The Continental Op
Created by Dashiell Hammett (aka "Peter Collinson; 1894-1961)
"I first heard Personville called Poisonville by a red-haired mucker named Hickey Dewey in the Big Ship in Butte."
-- the introduction to Red Harvest
He may be often mistakenly billed as "the first private eye", (that honour goes to John Daly Carroll's Three Gun Terry) but, for all intents and purposes, Dashiell Hammett's nameless detective for The Continental Detective Agency, popularly known as THE CONTINENTAL OP, is THE MAN!
There's no beating around the bush here. Sure, Carroll's Race Williams, a contemporary, was more popular, but he was always a bit of a cartoon. No, if we want to pin down the reason the P.I. genre even existed as something more than a few pulp tales with some urban Tarzans and their death-spitting roscoes, we'll have to place the blame directly on Mr. Hammett and his creation. Without the Op, it's likely nothing else, not Chandler or Macdonald, Parker or Grafton, would be quite the same.
Simply put, that short, squat, middle-aged manhunter who didn't even have a name was the real deal. The terse tone, the casual violence, the cold, methodical professional, the cool pragmatism wrapped around a code of honor he live -- or die -- for. That's what made the op so special.
Hammett, of course, also gave us Nick and Nora Charles and Sam Spade. In the forties, long after he'd traded in the typewriter Hammett even dusted off the Continental Op character for a few bucks. He tinkered with him a bit, bulked him up, gave him a name and a secretary and sold him to a radio show, Brad Runyon, The Fat Man.
- "Hammett was spare, hard-boiled, but he did over and over what only the best writers can ever do. He wrote scenes that seemed never to have been written before."
-- Raymond Chandler
- "Yeah, sure, Red Harvest is a classic. But The Big Knockover is more fun. Hammett's first try at novel-length fiction is two interconnected novellas, ("The Big Knockover" and "$106,000 Blood Money"). He packs his story with colorful criminals, possibly more of them than in any other crime story by anyone. He brings back crooks from his own short stories, uses at least one real-life thug as a character, and even names two rogues "Holmes" and "Vance" after Sherlock Holmes and Philo Vance. The ending is particularly bleak, even if not quite a knockout. Hammett would learn how to do that later."
-- Vince Emery, The 14 Best Private Eye Novels of All Time (2012)
- "Arson Plus" (October 1, 1923, Black Mask; as Peter Collinson)
- "Slippery Fingers" (October 15, 1923, Black Mask; as Peter Collinson)
- "Crooked Souls" (October 15, 1923, Black Mask)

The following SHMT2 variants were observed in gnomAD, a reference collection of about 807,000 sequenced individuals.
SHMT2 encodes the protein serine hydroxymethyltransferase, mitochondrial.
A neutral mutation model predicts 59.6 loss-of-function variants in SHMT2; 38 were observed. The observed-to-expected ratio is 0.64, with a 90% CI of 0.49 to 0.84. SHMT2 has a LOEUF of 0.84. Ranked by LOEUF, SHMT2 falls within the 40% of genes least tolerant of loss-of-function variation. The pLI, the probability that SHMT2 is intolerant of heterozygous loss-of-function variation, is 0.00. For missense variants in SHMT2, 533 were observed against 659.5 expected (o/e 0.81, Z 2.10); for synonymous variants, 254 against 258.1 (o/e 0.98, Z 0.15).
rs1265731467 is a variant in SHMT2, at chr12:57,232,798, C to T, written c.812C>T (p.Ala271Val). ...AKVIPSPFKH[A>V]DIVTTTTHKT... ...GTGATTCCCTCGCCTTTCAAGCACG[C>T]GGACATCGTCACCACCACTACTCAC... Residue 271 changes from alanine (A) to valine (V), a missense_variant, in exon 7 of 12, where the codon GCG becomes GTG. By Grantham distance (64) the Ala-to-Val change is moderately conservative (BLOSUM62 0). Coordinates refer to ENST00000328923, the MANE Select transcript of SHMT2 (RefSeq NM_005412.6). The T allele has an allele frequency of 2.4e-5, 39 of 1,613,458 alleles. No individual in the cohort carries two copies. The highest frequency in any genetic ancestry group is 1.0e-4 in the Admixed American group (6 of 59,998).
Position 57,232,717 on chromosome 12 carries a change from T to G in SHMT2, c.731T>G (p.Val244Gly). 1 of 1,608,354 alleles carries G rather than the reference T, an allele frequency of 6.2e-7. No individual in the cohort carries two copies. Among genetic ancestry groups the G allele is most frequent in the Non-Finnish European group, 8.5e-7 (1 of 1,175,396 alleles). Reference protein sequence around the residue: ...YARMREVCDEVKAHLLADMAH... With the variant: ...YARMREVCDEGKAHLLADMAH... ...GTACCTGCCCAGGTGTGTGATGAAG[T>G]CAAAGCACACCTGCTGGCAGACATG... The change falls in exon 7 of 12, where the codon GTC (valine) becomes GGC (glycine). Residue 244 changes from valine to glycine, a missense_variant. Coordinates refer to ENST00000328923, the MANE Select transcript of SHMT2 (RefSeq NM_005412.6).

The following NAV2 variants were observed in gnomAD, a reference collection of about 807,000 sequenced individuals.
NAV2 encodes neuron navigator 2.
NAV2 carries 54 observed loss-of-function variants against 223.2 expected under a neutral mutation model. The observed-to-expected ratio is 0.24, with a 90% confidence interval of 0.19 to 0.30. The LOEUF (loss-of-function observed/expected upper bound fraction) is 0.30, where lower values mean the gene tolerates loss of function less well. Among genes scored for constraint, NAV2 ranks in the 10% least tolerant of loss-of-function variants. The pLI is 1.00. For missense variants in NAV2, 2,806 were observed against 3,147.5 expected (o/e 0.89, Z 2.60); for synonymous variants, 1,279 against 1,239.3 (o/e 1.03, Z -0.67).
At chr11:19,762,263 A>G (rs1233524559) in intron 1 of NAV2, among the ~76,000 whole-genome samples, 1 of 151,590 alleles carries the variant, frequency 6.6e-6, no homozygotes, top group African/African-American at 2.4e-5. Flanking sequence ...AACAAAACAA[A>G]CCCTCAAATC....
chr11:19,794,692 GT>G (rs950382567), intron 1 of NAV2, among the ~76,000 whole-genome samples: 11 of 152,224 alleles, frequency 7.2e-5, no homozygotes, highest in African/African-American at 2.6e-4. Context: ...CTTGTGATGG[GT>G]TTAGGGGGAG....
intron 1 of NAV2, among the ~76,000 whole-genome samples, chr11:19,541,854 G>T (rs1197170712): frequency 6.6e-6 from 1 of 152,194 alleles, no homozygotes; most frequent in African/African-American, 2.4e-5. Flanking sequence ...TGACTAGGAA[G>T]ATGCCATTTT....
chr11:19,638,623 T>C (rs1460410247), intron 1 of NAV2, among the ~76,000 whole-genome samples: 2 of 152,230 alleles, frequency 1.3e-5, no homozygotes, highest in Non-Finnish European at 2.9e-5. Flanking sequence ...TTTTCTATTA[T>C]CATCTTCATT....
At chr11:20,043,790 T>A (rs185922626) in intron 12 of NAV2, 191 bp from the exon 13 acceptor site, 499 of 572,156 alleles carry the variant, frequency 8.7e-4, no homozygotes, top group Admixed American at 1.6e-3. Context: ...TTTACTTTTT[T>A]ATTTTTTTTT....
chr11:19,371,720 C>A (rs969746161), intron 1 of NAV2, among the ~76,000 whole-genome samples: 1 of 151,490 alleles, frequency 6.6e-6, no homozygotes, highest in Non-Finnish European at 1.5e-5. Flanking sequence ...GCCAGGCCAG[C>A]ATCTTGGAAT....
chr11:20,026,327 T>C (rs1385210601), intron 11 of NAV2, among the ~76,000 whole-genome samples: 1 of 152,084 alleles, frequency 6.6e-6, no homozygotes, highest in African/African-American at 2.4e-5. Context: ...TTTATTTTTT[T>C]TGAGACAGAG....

- "It" (November 1, 1923, Black Mask; aka "The Black Hat That Wasn't There")
- "Bodies Piled Up" (December 1, 1923, Black Mask; aka "The House Dick")
- "The Gatewood Caper" (1923, The Big Knockover)
- "The Tenth Clew" (January 1, 1924, Black Mask)
- "Night Shots" (February 1, 1924, Black Mask)
- "Zigzags of Treachery" (March 1, 1924, Black Mask)
- "One Hour" (April 1, 1924, Black Mask)
- "The House on Turk Street" (April 15, 1924, Black Mask)
- "The Girl With Silver Eyes" (June 1924, Black Mask)
- "Women, Politics and Murder" (September 1924, Black Mask; aka "Death on Pine Street")
- "The Golden Horseshoe" (November 1924, Black Mask)
- "Who Killed Bob Teal?" (1924, currently out of print)
- "Mike or Alec or Rufus" (January 1925, Black Mask; aka "Tom, Dick or Harry")
- "The Whosis Kid" (March 1925, Black Mask)
- "The Scorched Face" (May 1925, Black Mask)
- "Corkscrew" (September 1925, Black Mask)
- "Dead Yellow Women" (November 1925, Black Mask)
- "The Gutting of Couffignal" (December 1925, Black Mask)
- "Creeping Siamese" (March 1926, Black Mask)
- "This King Business" (1927, The Big Knockover)
- "The Big Knockover" (February 1927, Black Mask)
- "$106,000 Blood Money" (May 1927, Black Mask)
"The Big Knockover" and "$106,000 Blood Money" were later combined and published as a novel, The Big Knockover, also known as $106,000 Blood Money and simply Blood Money.
- "The Main Death" (June 1927, Black Mask)
- "The Cleansing of Poisonville" (November 1927, Black Mask)
- "Crime Wanted--Male or Female" (December 1927, Black Mask)
- "Dynamite" (January 1928, Black Mask)
- "The 19th Murder" (February 1928, Black Mask)
- "Black Lives" (November 1928, Black Mask)
- "The Hollow Temple" (December 1928, Black Mask)
- "Black Honeymoon" (January 1929, Black Mask)
- "Black Riddle" (February 1929, Black Mask)
- "Fly Paper" (August 1929, Black Mask)
- "The Farewell Murder" (February 1930, Black Mask)
- "Death and Company" (November 1930, Black Mask)
- ROADHOUSE NIGHTS
(aka "The River Inn)
(1930, Paramount Famous Lasky Corporation)
Black & White
Screenplay by Garrett Fort
Story by Ben Hecht
Based on the novel Red Harvest by Dashiell Hammett
Director: Hobart Henley
Produced by Walter Wanger
Music: Sammy Fain and Jay Gorney
Lyrics: E.Y. Harburg and Irving Kahal
Starring Helen Morgan, Charles Ruggles, Fred Kohler, Jimmy Durante, Leo Donnelly, Tammany Young, Joe King, Lou Clayton, Eddie Jackson
Evidently this has very little to do with Hammett's novel, and instead concerns reporters trying to get the goods on a gangster.
- THE HOUSE ON TURK STREET ..Buy the video ..Buy the DVD
aka ""No Good Deed"
(2002, Seven Arts Pictures)
Shooting Began: July 17, 2001 in Montreal